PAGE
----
Other Infrastructure Study

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  • Publication
    Mongolia InfraSAP: Infrastructure for Connectivity and Economic Diversification
    (World Bank, Ulaanbaatar, 2020-11-10) World Bank
    Like many emerging economies, policy discussions on social and economic growth in Mongolia often gravitate to transport, energy and digital infrastructure as the backbone. ‘What infrastructure?’ and ‘infrastructure for what?’ are equally important questions given the aspirations to unlock new drivers of growth beyond mining and export of primary products. Mongolia’s vast territorial expanse and low population density create unique challenges for economic development in general and infrastructure investments in particular. Sandwiched between China and the Russia, two of the largest countries and economies in the world, Mongolia is the least densely populated country in the world. With just over 3.2 million people inhabiting a territory of 1.564 million square kilometers (more than six times the size of the United Kingdom and less than a third the population of London), Mongolia has a population density of 2.1 people per square kilometer. About half the population—some 1.4 million people—live in the capital city Ulaanbaatar. The rest of the population is spread across small urban centers and vast steppes. Given the spatial and density challenges, the conventional ‘build and they shall come’ approach to developing infrastructure has proved sub-optimal. Mongolia has some of the largest average transport distances (600km) and highest logistics costs (30% of GDP). The infrastructure challenge is made worse by the limited financing options. This infraSAP presents a more sophisticated approach which incorporates strategic value chain analysis and disaggregated modeling of freight movements, and then targets infrastructure investment for amplified impact. In this approach, infrastructure is located at the highest concentrations of economic activity and is developed as part of an integrated national logistics system. This surgical approach informs more targeted policy decisions on how to use scarce resources to accelerate economic diversification and competitiveness while addressing institutional bottlenecks.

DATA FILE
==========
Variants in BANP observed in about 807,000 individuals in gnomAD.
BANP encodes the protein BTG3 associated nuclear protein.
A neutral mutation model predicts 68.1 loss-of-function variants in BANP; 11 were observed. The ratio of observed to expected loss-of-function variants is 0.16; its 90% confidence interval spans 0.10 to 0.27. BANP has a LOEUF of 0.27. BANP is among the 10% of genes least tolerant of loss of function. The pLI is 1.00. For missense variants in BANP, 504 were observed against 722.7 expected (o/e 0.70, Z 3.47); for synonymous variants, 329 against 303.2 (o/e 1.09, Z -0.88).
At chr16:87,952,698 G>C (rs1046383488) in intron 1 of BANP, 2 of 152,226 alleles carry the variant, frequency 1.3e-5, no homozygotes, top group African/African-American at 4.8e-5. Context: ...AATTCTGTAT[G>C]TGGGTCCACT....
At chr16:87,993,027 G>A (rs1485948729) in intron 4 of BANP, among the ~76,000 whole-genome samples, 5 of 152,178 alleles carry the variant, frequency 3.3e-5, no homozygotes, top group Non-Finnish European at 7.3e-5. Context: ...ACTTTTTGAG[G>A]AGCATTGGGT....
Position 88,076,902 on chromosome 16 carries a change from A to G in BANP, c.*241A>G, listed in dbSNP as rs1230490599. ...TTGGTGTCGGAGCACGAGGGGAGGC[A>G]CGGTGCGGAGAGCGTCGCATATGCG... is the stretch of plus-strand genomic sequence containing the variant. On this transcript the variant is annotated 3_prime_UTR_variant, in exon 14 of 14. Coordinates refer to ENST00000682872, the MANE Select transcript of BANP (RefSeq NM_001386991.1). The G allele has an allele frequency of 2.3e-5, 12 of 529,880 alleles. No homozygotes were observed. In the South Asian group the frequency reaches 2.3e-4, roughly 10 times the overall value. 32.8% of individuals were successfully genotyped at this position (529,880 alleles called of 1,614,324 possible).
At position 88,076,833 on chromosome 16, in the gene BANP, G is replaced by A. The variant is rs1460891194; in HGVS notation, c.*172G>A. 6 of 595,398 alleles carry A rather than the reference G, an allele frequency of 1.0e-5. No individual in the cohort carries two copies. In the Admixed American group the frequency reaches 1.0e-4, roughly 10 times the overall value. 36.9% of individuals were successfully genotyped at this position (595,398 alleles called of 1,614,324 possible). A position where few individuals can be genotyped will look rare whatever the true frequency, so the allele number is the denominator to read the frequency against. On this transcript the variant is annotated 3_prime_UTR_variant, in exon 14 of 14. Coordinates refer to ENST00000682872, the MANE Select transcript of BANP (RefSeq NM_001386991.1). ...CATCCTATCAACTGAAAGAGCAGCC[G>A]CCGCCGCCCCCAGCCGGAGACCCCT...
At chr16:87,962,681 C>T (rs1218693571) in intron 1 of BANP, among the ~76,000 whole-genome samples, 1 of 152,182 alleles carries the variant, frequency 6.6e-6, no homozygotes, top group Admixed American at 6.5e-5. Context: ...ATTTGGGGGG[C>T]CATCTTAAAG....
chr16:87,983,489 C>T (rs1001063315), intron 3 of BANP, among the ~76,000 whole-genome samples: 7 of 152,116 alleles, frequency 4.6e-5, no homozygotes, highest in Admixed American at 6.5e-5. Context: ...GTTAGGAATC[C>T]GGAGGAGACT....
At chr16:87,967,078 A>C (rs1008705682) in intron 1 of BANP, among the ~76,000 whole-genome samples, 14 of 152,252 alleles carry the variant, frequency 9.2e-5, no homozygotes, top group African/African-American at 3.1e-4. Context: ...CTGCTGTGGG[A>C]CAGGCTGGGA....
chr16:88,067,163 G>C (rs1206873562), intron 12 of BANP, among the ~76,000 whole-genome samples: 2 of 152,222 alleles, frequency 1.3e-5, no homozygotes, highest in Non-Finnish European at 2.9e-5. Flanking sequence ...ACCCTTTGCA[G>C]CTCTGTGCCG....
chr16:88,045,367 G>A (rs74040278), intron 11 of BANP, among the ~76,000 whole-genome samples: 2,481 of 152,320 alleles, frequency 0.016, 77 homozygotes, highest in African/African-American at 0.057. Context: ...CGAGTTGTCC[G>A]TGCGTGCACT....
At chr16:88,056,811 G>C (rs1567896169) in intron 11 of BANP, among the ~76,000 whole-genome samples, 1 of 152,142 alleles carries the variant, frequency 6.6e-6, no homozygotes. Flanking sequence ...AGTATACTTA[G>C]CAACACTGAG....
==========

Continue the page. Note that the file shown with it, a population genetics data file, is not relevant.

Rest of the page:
• Publication
    Good Practice Note on Dam Safety
    (World Bank, Washington, DC, 2020-10) World Bank
    The objective of this good practice note (GPN) on dam safety is to provide additional guidance to World Bank staff on the application of relevant requirements under the environmental and social framework (ESF). This GPN provides guidance on using a risk management approach to the application of the dam safety requirements. The guidance contained in this note is designed to enhance the quality of practice without creating new requirements for the application of the ESF. The GPN provides guidance on compliance requirements, a risk management approach to dam safety, risk analysis tools, quality of information and capacity, application to World Bank operations, and procedural aspects. The GPN pertains to: (a) construction of new dams or dams under construction (DUC) under investment project financing (IPF); (b) rehabilitation of existing dams under IPF; and (c) existing dams or DUC that are not financed under IPF, on which the project relies or may rely.
  • Publication
    Belt and Road Initiative: Azerbaijan Country Case Study
    (World Bank, Washington, DC, 2020-06) Bogdan, Olena; Najdov, Evgenij
    Belt and Road Initiative (BRI), announced in 2013 and formalized in 2015, is China’s long-term commitment and aims to improve connectivity within Asia as well as between Asia and other continents via transport corridors (rail, road, maritime, air) and deeper economic, political, and cultural integration between China and the countries in Europe and Africa (National Development and Reform Commission, 2015). This study analyzes a potential impact of the BRI on Azerbaijan’s economy by focusing on (1) Azerbaijan’s connectivity and trade with the BRI economies; (2) its recent improvements in transport, power, and ICT infrastructure as part of the China, Central Asia, West Asia economic corridor; (3) its remaining connectivity gaps and challenges; and (4) potential economic effects of BRI on Azerbaijan’s trade, foreign investment, growth and welfare. Finally, the study concludes with policy implications that would mitigate the BRI risks and maximize the benefits.
  • Publication
    Tunisia Infrastructure Diagnostic
    (World Bank, Washington, DC, 2019-12) World Bank Group